...why TEA in the pipette?

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Hss
Hss's picture
...why TEA in the pipette?

Hola

I saw that in many cases when calcium currents are recorded in neurons, people used TEA in the pipette, so I would like to know why? ...because now I have to do some recordings in neurons, for calcium currents and I´m looking for the best conditions to do it.

Thanks.

Bluejay
Bluejay's picture
Traditionally TEA is used at

Traditionally TEA is used at mM levels as a potassium channel blocker. The Sigma/RBI handbook lists TEA as an inhibitor of potassium channels including: 1) ATP-sensitive, 2) voltage gated, 3) Ca2+-Activated and 4) KCNQ. So perhaps it is used in your case to inhibit Ca2+ activated potassium channels.

Hss
Hss's picture
...it seems that TEA is for

...it seems that TEA is for block potassium channels, so it means that when potassium channels are blocked the calcium currents are better? ...why?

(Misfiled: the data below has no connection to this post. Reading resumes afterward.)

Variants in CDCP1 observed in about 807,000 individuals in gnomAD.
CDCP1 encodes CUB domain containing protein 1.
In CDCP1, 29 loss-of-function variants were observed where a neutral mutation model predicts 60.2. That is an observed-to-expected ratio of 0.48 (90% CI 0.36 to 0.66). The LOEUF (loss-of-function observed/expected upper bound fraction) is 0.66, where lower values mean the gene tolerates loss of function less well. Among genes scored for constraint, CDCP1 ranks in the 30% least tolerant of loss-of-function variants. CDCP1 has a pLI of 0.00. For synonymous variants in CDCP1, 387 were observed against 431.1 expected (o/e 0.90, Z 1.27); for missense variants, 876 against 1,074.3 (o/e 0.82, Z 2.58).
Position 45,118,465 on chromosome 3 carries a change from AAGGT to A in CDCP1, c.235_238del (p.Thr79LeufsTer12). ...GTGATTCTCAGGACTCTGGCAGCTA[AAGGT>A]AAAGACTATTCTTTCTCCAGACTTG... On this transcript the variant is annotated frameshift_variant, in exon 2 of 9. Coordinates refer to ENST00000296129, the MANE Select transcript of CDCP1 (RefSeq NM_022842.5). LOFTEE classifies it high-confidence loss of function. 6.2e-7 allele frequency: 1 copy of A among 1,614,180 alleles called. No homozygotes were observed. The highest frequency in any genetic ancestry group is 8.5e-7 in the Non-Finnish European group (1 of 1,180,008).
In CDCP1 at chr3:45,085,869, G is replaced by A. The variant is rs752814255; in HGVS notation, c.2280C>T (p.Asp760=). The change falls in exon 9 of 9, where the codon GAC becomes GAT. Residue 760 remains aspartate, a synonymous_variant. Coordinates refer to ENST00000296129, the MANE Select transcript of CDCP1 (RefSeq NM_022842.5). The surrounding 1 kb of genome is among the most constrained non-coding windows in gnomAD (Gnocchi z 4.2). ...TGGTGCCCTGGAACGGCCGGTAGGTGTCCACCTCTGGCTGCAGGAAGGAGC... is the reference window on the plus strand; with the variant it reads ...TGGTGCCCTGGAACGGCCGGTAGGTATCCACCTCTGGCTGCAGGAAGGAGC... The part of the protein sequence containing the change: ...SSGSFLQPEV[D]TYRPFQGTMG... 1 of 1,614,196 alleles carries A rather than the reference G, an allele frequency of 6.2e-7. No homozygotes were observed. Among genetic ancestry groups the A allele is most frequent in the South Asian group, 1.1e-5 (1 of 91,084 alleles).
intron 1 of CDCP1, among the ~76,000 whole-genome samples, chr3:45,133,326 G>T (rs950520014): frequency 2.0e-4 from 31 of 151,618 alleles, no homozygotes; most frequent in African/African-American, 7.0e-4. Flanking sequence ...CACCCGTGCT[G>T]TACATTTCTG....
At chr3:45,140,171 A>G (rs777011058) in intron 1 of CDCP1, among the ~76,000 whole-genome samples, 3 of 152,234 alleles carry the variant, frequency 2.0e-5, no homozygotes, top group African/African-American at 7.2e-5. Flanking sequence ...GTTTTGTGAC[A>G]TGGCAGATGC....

Thanks.

Fraser Moss
Fraser Moss's picture
You block the Ca activated

You block the Ca activated Potassium channels so that they do not get activated when you activate the calcium channels. Then the Ca Channel trace that you are trying to record is not contaminated by the currents from the Ca activated K channels.

hyunjoe
hyunjoe's picture
The TEA is a whole K-channels

The TEA is a whole K-channels blocker as described upper. Usually, to record the Ca-channels, you may inhibit all the outward currents, since it would "contaminate" the trace of inward current that you want to record (it is just that your negative trace that you want to may have a voltage-dependent - so not constant - offset of positive current). So if you want to get a good trace of inward current you HAVE TO inhibit the K-currents.

However, I have seen TEA used "in the pipette", but I didn't see much more results than using it only "extracellularly". You may get anyway a better inhibition of K-channels (by initiating the competition between the K+ and the TEA+ in the cell). I have been using that for measuring the persistent sodium current in neurons, but I didn't compare with another solution without TEA. The good thing by having it inside the pipette right at the start is that you don't have to put your TEA in the bath that can make your seal unstable...

Hope that helps

Hss wrote:

...it seems that TEA is for block potassium channels, so it means that when potassium channels are blocked the calcium currents are better? ...why?

Thanks.